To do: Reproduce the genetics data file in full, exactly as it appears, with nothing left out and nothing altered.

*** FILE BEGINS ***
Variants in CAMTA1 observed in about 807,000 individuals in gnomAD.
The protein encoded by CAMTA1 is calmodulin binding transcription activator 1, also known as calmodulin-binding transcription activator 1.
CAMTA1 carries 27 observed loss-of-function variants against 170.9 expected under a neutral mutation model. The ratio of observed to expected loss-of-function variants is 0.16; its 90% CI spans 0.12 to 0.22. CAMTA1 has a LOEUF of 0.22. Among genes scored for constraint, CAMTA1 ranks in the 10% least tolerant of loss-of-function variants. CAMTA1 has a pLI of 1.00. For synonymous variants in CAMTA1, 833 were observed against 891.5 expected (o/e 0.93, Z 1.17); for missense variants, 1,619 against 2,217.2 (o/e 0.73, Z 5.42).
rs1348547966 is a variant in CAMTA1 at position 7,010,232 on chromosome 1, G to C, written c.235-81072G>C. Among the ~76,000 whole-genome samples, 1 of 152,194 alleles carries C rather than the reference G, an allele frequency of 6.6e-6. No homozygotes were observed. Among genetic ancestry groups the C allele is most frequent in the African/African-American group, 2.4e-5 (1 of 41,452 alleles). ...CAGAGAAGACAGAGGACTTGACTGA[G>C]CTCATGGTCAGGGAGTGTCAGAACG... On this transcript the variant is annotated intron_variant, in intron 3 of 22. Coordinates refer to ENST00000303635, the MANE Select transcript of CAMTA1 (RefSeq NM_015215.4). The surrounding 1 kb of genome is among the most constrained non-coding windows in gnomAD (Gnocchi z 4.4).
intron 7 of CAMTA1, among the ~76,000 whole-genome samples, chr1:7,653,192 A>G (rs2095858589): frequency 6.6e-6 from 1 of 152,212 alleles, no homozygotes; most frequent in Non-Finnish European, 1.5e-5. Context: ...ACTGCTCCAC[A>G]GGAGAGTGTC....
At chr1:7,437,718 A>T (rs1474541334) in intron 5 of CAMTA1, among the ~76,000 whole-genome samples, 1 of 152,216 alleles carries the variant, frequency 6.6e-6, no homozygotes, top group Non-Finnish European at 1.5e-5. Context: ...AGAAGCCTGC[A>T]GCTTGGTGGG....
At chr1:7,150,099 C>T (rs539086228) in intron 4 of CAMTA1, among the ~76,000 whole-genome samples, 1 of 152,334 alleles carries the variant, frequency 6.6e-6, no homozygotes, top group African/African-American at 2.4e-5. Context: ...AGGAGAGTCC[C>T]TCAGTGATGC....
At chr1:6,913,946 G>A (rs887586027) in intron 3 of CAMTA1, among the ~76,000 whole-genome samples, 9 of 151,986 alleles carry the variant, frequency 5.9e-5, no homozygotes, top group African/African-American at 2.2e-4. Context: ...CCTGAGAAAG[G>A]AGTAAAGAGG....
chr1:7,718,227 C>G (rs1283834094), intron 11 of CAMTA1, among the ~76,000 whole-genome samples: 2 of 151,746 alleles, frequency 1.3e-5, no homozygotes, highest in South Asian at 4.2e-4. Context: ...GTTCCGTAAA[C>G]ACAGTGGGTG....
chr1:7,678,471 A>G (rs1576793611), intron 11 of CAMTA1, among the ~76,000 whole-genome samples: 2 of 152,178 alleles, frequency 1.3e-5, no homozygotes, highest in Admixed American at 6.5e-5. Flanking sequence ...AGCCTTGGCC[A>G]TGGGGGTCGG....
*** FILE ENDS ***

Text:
Variants in CAMTA1 observed in about 807,000 individuals in gnomAD.
The protein encoded by CAMTA1 is calmodulin binding transcription activator 1, also known as calmodulin-binding transcription activator 1.
CAMTA1 carries 27 observed loss-of-function variants against 170.9 expected under a neutral mutation model. The ratio of observed to expected loss-of-function variants is 0.16; its 90% CI spans 0.12 to 0.22. CAMTA1 has a LOEUF of 0.22. Among genes scored for constraint, CAMTA1 ranks in the 10% least tolerant of loss-of-function variants. CAMTA1 has a pLI of 1.00. For synonymous variants in CAMTA1, 833 were observed against 891.5 expected (o/e 0.93, Z 1.17); for missense variants, 1,619 against 2,217.2 (o/e 0.73, Z 5.42).
rs1348547966 is a variant in CAMTA1 at position 7,010,232 on chromosome 1, G to C, written c.235-81072G>C. Among the ~76,000 whole-genome samples, 1 of 152,194 alleles carries C rather than the reference G, an allele frequency of 6.6e-6. No homozygotes were observed. Among genetic ancestry groups the C allele is most frequent in the African/African-American group, 2.4e-5 (1 of 41,452 alleles). ...CAGAGAAGACAGAGGACTTGACTGA[G>C]CTCATGGTCAGGGAGTGTCAGAACG... On this transcript the variant is annotated intron_variant, in intron 3 of 22. Coordinates refer to ENST00000303635, the MANE Select transcript of CAMTA1 (RefSeq NM_015215.4). The surrounding 1 kb of genome is among the most constrained non-coding windows in gnomAD (Gnocchi z 4.4).
intron 7 of CAMTA1, among the ~76,000 whole-genome samples, chr1:7,653,192 A>G (rs2095858589): frequency 6.6e-6 from 1 of 152,212 alleles, no homozygotes; most frequent in Non-Finnish European, 1.5e-5. Context: ...ACTGCTCCAC[A>G]GGAGAGTGTC....
At chr1:7,437,718 A>T (rs1474541334) in intron 5 of CAMTA1, among the ~76,000 whole-genome samples, 1 of 152,216 alleles carries the variant, frequency 6.6e-6, no homozygotes, top group Non-Finnish European at 1.5e-5. Context: ...AGAAGCCTGC[A>T]GCTTGGTGGG....
At chr1:7,150,099 C>T (rs539086228) in intron 4 of CAMTA1, among the ~76,000 whole-genome samples, 1 of 152,334 alleles carries the variant, frequency 6.6e-6, no homozygotes, top group African/African-American at 2.4e-5. Context: ...AGGAGAGTCC[C>T]TCAGTGATGC....
At chr1:6,913,946 G>A (rs887586027) in intron 3 of CAMTA1, among the ~76,000 whole-genome samples, 9 of 151,986 alleles carry the variant, frequency 5.9e-5, no homozygotes, top group African/African-American at 2.2e-4. Context: ...CCTGAGAAAG[G>A]AGTAAAGAGG....
chr1:7,718,227 C>G (rs1283834094), intron 11 of CAMTA1, among the ~76,000 whole-genome samples: 2 of 151,746 alleles, frequency 1.3e-5, no homozygotes, highest in South Asian at 4.2e-4. Context: ...GTTCCGTAAA[C>G]ACAGTGGGTG....
chr1:7,678,471 A>G (rs1576793611), intron 11 of CAMTA1, among the ~76,000 whole-genome samples: 2 of 152,178 alleles, frequency 1.3e-5, no homozygotes, highest in Admixed American at 6.5e-5. Flanking sequence ...AGCCTTGGCC[A>G]TGGGGGTCGG....